Board of Regents won’t delay tougher admissions rule

RENO — Nevada high school students planning to enroll in one of the state’s two universities in 2008 will not get a pass on a new, tougher 3.0 grade-point-average requirement, the Board of Regents decided Thursday.

The vote to maintain the increase, from the 2.75 GPA now required in 13 required high school courses, came despite concerns about a report showing a dramatic falloff of minority student enrollments at the University of Nevada, Las Vegas.

Instead of delaying the GPA increase at UNLV and the University of Nevada, Reno, regents agreed to boost the percentage of alternate admissions — to 15 percent from 10 percent — to accommodate students who don’t have a high enough GPA but do have special skills in areas such as art, music or athletics.

Special admissions can also address situations in which students have overcome adversities, as well as other factors that point to the likelihood that the student will be successful.

The vote was 10-2, with Regents Cedric Crear and Ron Knecht voting no.

Crear said he believed the entire admissions process needs review.

Knecht said the increase in special admissions under a formula approved by regents would be too large. The 5 percentage point increase is based on a larger pool of students — those accepted to an institution, not the smaller number who actually enroll.

The University of Nevada, Las Vegas’ minority enrollment was hit particularly hard when the required GPA rose from 2.5 to 2.75 last year.

Early data by Nevada System of Higher Education shows that the number of black freshmen enrolling at UNLV plummeted nearly 30 percent between fall 2005 and fall 2006. The number of Hispanic students dropped roughly 17 percent, and the university experienced a drop in Asian and Pacific islander students of nearly 7 percent.

The effect at UNR was more muted. Black freshman admissions actually increased more than 27 percent from 2005 to 2006, while Hispanic admissions dropped more than 13 percent.

Vice Chancellor Jane Nichols called the report a snapshot and not a long-term analysis of the effect of the GPA increase. Other factors, including changes to the Millennium Scholarship requirements, could also be in play, she said.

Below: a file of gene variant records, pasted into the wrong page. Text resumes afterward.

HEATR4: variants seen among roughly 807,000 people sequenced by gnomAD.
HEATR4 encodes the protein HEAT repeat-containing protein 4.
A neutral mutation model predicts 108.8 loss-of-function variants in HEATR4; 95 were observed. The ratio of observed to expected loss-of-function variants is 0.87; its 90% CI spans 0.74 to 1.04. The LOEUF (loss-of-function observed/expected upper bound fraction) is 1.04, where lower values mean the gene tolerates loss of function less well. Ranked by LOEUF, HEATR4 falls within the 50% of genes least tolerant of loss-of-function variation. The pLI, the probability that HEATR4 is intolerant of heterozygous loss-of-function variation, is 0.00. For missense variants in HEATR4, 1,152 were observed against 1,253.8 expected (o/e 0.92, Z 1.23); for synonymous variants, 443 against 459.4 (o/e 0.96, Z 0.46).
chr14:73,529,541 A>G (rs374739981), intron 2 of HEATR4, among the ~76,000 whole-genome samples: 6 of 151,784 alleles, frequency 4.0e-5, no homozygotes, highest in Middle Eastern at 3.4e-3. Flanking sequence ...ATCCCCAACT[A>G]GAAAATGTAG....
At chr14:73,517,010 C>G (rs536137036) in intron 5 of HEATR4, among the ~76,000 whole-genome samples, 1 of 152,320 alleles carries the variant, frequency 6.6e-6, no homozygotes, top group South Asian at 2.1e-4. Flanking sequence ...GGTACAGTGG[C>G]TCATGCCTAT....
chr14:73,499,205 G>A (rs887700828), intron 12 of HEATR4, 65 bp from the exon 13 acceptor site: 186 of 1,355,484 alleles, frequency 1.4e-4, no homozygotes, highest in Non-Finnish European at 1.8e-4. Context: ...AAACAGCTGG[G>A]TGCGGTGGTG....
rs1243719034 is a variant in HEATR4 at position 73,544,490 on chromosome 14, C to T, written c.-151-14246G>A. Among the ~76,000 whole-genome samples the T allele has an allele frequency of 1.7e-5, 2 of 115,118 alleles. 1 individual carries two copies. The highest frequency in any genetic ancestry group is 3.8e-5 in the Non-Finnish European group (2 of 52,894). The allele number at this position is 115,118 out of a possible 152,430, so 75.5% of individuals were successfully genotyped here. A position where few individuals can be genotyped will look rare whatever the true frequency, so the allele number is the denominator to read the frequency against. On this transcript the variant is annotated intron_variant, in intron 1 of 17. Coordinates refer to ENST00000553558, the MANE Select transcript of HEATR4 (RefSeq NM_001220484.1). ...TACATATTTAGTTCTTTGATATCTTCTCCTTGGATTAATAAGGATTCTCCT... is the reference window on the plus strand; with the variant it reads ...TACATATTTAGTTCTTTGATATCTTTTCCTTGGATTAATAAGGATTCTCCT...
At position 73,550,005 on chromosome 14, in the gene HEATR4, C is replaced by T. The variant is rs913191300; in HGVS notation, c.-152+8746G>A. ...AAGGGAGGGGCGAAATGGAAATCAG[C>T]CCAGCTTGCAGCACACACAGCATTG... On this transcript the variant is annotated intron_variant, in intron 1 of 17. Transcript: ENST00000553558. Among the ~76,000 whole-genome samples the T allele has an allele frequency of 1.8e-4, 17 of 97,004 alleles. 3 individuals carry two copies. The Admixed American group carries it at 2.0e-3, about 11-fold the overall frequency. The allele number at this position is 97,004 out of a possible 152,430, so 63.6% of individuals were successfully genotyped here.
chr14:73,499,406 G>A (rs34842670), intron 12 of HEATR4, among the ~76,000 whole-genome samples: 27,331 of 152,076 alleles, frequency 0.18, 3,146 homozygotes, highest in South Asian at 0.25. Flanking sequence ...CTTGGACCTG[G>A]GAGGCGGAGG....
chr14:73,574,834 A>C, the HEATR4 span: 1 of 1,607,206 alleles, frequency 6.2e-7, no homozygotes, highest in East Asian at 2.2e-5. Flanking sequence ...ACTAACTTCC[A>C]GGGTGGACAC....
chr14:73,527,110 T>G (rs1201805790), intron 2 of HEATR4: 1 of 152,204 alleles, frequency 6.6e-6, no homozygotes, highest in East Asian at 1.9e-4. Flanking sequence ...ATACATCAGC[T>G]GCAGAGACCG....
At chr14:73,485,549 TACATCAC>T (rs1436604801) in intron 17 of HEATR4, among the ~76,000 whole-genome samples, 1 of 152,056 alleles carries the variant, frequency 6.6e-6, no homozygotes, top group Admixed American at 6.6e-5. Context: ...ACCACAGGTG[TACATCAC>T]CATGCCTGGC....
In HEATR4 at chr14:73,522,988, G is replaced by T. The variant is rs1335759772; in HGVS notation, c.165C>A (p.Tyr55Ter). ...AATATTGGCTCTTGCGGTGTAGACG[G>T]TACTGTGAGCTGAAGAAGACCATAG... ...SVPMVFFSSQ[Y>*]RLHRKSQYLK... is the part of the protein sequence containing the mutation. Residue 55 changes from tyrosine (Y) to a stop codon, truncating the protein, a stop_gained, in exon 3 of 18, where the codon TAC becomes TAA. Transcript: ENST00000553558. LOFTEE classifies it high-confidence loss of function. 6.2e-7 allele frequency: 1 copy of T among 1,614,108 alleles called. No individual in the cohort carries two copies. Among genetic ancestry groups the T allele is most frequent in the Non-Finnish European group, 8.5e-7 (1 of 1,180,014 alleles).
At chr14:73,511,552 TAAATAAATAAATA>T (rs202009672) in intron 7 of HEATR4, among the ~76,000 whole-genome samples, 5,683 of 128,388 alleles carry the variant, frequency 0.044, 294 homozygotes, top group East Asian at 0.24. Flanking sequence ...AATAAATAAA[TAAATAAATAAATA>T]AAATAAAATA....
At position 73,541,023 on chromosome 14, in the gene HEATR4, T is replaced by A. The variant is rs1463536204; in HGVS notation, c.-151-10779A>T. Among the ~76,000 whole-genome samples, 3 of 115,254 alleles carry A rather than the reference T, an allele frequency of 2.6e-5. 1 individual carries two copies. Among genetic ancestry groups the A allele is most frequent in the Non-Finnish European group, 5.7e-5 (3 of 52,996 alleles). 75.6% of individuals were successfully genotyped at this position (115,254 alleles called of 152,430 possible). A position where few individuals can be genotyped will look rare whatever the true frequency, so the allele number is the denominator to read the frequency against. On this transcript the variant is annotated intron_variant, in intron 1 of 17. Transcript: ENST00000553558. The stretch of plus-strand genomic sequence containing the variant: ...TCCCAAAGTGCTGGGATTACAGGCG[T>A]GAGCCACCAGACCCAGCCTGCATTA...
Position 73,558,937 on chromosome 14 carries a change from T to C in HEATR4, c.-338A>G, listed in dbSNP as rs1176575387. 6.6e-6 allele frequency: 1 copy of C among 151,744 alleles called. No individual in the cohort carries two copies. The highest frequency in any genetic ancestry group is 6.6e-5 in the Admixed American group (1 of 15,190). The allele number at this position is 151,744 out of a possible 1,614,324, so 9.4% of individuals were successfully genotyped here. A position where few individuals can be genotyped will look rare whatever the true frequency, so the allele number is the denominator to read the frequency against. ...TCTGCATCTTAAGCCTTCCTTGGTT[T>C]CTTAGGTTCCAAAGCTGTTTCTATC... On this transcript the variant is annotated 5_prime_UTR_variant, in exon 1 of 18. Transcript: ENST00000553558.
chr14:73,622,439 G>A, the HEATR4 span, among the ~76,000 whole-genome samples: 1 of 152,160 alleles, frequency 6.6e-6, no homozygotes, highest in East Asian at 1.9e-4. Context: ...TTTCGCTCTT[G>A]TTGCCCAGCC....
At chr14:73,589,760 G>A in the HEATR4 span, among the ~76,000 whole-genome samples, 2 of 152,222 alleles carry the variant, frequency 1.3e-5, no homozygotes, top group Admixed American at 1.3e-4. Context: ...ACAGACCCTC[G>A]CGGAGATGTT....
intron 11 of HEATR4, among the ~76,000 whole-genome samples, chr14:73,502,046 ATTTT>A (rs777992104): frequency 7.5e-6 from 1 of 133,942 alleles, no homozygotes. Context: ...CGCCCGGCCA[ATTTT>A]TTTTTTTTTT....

The system won’t know if this is a trend until there is at least one more year’s worth of data from this fall enrollment period, Nichols said.

The vote to maintain the standard came despite concerns expressed by Lee Rowland, a staff attorney for the American Civil Liberties Union of Nevada, that the drop-off in minority enrollment at UNLV was “truly troubling.”

Rather than use some numerical formula to try to determine student success, it would be better to use a more holistic approach, like looking at students and their abilities to succeed, she said.

Such a process would move the universities toward their goals of being world-class institutions which includes a diverse student population, Rowland said.

Regent Mark Alden advocated for maintaining the GPA increase, saying that admitting students who are unable to succeed, and who then drop out, does not serve them well.

The system has two other tiers, including colleges and a state college, to serve students who might not be able to succeed at the university level, he said.

UNLV President David Ashley said his preferred alternative was to push back the 3.0 GPA increase, but that the increase in special admissions was also acceptable.

Chancellor Jim Rogers said the business community has reacted favorably to efforts by the Board of Regents to improve the quality of the education being delivered at the institutions.

“I hate to go backwards,” he said. “I just hate to go backwards.”

But Rogers said he is also concerned about any negative effects on minority students.

Considering other factors for student admissions may be the answer, he said.

The concepts of raising standards and maintaining and improving diversity should work together, he said.

Rogers acknowledged that the discussion about delaying the GPA increase was generating some concerns among legislative leaders. The Legislature sets the funding levels for the higher education system.

The regents, while voting in 2006 to toughen the standards, also sought a report on the effects of the change, with the proviso that the new standards could be adjusted if there was a major effect on student enrollment and diversity.

But Nichols said one year’s worth of data is not enough information to make any determination about the effect of the GPA increase.

While minority freshman admissions declined in the fall of 2006 over 2005, it is also true that overall admissions declined as well, by 19 percent at UNLV, according to the report.

Other than Rowland, there was no other public or student comment.

Student leaders at the regents meeting at the UNR campus listened to the discussion but offered no public comments.

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